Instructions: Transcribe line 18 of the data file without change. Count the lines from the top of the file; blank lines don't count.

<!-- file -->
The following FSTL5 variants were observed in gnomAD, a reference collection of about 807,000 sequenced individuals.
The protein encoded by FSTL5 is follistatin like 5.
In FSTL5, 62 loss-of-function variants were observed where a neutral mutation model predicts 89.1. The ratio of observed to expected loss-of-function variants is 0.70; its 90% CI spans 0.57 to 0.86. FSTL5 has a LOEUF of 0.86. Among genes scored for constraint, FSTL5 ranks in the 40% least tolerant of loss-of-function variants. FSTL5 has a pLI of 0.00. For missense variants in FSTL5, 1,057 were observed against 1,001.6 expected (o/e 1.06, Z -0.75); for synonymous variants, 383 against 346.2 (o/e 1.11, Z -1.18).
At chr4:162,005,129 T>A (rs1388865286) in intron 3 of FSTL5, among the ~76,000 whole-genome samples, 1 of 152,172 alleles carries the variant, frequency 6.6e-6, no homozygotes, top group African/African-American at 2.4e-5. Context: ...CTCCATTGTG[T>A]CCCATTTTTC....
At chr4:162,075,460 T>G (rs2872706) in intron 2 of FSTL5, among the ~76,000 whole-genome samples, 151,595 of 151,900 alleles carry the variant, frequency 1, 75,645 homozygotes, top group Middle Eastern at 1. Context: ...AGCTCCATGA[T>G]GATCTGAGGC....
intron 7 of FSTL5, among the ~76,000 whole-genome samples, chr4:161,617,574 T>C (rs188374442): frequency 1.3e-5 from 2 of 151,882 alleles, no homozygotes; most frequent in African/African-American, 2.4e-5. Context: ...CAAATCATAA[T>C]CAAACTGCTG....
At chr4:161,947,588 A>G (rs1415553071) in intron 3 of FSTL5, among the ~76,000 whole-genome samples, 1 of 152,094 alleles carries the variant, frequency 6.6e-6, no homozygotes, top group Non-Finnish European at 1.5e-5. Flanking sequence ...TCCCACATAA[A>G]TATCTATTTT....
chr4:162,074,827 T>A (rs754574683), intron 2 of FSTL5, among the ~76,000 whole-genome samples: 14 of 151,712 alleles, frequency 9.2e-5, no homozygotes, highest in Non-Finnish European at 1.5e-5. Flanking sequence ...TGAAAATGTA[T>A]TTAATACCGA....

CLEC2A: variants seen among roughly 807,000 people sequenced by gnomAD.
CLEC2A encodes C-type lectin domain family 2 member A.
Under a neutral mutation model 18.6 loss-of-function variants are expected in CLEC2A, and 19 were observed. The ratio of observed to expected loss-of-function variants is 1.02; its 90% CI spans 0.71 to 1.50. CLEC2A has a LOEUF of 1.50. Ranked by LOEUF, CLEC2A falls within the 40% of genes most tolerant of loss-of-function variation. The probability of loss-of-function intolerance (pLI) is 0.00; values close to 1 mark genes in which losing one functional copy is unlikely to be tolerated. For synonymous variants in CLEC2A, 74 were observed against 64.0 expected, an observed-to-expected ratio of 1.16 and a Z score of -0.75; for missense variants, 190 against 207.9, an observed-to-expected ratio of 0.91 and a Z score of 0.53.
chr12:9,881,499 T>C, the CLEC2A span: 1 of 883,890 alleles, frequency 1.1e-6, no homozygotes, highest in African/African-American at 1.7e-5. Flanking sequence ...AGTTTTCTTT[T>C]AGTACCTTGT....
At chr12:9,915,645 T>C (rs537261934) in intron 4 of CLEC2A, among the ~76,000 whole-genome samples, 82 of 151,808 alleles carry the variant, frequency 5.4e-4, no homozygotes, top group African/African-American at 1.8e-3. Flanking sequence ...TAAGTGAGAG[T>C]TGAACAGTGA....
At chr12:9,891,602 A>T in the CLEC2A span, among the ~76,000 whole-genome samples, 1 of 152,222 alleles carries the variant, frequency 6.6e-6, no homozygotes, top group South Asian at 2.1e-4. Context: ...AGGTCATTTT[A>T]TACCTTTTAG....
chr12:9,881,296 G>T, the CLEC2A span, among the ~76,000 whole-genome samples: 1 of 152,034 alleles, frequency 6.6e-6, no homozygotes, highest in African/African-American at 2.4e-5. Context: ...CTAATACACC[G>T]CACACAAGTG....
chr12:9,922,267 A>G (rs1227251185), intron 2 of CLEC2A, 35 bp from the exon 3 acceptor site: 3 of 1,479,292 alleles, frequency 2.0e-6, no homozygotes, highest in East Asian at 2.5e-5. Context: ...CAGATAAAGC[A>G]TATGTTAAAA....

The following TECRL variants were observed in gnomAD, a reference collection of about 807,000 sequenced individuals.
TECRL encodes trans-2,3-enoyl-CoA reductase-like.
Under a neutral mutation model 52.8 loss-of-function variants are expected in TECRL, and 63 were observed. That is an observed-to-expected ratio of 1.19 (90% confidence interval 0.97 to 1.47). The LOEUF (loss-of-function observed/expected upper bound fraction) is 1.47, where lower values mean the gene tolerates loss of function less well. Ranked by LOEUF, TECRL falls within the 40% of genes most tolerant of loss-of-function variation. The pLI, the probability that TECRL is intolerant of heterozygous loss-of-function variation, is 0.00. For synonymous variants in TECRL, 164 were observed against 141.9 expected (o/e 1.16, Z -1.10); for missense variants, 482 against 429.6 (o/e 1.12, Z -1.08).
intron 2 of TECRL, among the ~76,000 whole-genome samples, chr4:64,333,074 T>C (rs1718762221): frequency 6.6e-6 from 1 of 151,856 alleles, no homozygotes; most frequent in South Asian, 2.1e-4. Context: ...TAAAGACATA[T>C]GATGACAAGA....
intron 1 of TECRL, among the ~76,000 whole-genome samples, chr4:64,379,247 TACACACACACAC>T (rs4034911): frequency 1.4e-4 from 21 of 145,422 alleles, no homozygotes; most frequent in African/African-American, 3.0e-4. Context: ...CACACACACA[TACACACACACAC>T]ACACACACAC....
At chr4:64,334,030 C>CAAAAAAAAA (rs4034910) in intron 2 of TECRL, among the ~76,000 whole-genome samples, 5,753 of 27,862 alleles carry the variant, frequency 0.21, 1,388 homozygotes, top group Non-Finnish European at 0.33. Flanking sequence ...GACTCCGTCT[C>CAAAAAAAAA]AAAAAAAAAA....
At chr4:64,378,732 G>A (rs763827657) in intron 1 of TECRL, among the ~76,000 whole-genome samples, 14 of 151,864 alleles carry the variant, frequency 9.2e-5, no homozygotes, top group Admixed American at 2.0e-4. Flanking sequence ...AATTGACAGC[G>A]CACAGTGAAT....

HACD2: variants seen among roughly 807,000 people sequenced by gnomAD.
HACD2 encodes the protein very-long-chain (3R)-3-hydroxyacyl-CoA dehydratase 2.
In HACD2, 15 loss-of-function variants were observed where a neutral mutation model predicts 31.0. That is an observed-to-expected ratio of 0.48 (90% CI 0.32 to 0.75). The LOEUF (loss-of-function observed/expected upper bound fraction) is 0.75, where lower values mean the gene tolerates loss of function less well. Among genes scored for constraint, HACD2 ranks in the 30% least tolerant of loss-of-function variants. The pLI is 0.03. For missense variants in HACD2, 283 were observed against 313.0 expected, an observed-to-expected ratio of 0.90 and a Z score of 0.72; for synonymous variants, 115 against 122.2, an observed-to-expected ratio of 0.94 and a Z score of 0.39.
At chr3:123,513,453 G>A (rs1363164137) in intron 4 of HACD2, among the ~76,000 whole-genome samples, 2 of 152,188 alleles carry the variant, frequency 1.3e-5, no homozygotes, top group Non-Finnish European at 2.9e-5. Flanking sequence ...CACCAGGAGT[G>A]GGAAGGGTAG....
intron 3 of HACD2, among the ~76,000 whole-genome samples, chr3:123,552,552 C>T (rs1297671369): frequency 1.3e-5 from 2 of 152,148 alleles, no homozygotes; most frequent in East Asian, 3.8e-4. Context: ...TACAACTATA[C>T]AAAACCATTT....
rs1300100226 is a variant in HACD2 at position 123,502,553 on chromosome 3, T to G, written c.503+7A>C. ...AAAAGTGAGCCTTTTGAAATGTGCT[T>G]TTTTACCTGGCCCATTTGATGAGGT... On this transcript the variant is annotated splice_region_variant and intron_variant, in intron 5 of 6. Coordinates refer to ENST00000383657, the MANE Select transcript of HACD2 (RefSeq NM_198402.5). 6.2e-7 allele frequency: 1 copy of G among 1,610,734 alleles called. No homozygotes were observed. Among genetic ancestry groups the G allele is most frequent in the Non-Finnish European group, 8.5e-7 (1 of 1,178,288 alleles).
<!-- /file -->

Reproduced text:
TECRL encodes trans-2,3-enoyl-CoA reductase-like.